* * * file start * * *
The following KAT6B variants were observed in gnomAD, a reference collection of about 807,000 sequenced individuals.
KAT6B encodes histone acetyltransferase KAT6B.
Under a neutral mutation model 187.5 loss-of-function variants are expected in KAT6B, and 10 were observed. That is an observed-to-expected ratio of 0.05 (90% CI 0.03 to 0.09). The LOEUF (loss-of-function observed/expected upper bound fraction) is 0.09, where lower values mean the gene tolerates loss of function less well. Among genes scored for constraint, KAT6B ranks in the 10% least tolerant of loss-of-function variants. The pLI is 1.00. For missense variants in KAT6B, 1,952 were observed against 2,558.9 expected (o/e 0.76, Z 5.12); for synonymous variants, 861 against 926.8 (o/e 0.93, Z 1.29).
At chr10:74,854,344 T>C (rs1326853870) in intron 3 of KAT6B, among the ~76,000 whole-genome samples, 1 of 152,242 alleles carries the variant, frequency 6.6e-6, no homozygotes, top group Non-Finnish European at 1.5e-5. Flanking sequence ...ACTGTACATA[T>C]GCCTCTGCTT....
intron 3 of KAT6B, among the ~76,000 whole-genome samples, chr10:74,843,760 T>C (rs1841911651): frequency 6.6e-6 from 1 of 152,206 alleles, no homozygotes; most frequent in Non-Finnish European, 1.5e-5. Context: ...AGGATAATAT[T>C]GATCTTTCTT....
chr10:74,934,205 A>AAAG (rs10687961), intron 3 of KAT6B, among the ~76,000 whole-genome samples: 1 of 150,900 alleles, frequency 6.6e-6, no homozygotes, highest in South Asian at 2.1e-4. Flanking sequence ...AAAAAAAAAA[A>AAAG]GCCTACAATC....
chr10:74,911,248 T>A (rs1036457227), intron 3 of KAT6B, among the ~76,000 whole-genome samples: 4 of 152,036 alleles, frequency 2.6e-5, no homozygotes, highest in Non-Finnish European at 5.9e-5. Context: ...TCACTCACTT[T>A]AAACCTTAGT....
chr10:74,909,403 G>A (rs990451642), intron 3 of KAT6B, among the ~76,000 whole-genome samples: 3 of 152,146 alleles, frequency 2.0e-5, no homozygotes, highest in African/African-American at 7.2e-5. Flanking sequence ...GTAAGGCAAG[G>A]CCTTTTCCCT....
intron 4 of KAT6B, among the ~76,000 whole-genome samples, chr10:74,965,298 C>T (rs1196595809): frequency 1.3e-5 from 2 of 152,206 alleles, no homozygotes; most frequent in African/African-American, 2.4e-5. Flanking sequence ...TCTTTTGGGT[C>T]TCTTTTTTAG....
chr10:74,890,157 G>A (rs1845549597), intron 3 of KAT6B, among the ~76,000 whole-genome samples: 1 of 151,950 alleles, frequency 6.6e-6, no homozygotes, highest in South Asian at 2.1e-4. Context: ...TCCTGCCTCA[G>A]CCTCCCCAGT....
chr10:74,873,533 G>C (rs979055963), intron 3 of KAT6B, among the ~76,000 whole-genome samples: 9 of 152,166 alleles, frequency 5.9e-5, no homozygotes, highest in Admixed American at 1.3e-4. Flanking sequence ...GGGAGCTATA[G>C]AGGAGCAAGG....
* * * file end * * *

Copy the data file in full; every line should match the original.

The following KAT6B variants were observed in gnomAD, a reference collection of about 807,000 sequenced individuals.
KAT6B encodes histone acetyltransferase KAT6B.
Under a neutral mutation model 187.5 loss-of-function variants are expected in KAT6B, and 10 were observed. That is an observed-to-expected ratio of 0.05 (90% CI 0.03 to 0.09). The LOEUF (loss-of-function observed/expected upper bound fraction) is 0.09, where lower values mean the gene tolerates loss of function less well. Among genes scored for constraint, KAT6B ranks in the 10% least tolerant of loss-of-function variants. The pLI is 1.00. For missense variants in KAT6B, 1,952 were observed against 2,558.9 expected (o/e 0.76, Z 5.12); for synonymous variants, 861 against 926.8 (o/e 0.93, Z 1.29).
At chr10:74,854,344 T>C (rs1326853870) in intron 3 of KAT6B, among the ~76,000 whole-genome samples, 1 of 152,242 alleles carries the variant, frequency 6.6e-6, no homozygotes, top group Non-Finnish European at 1.5e-5. Flanking sequence ...ACTGTACATA[T>C]GCCTCTGCTT....
intron 3 of KAT6B, among the ~76,000 whole-genome samples, chr10:74,843,760 T>C (rs1841911651): frequency 6.6e-6 from 1 of 152,206 alleles, no homozygotes; most frequent in Non-Finnish European, 1.5e-5. Context: ...AGGATAATAT[T>C]GATCTTTCTT....
chr10:74,934,205 A>AAAG (rs10687961), intron 3 of KAT6B, among the ~76,000 whole-genome samples: 1 of 150,900 alleles, frequency 6.6e-6, no homozygotes, highest in South Asian at 2.1e-4. Flanking sequence ...AAAAAAAAAA[A>AAAG]GCCTACAATC....
chr10:74,911,248 T>A (rs1036457227), intron 3 of KAT6B, among the ~76,000 whole-genome samples: 4 of 152,036 alleles, frequency 2.6e-5, no homozygotes, highest in Non-Finnish European at 5.9e-5. Context: ...TCACTCACTT[T>A]AAACCTTAGT....
chr10:74,909,403 G>A (rs990451642), intron 3 of KAT6B, among the ~76,000 whole-genome samples: 3 of 152,146 alleles, frequency 2.0e-5, no homozygotes, highest in African/African-American at 7.2e-5. Flanking sequence ...GTAAGGCAAG[G>A]CCTTTTCCCT....
intron 4 of KAT6B, among the ~76,000 whole-genome samples, chr10:74,965,298 C>T (rs1196595809): frequency 1.3e-5 from 2 of 152,206 alleles, no homozygotes; most frequent in African/African-American, 2.4e-5. Flanking sequence ...TCTTTTGGGT[C>T]TCTTTTTTAG....
chr10:74,890,157 G>A (rs1845549597), intron 3 of KAT6B, among the ~76,000 whole-genome samples: 1 of 151,950 alleles, frequency 6.6e-6, no homozygotes, highest in South Asian at 2.1e-4. Context: ...TCCTGCCTCA[G>A]CCTCCCCAGT....
chr10:74,873,533 G>C (rs979055963), intron 3 of KAT6B, among the ~76,000 whole-genome samples: 9 of 152,166 alleles, frequency 5.9e-5, no homozygotes, highest in Admixed American at 1.3e-4. Flanking sequence ...GGGAGCTATA[G>C]AGGAGCAAGG....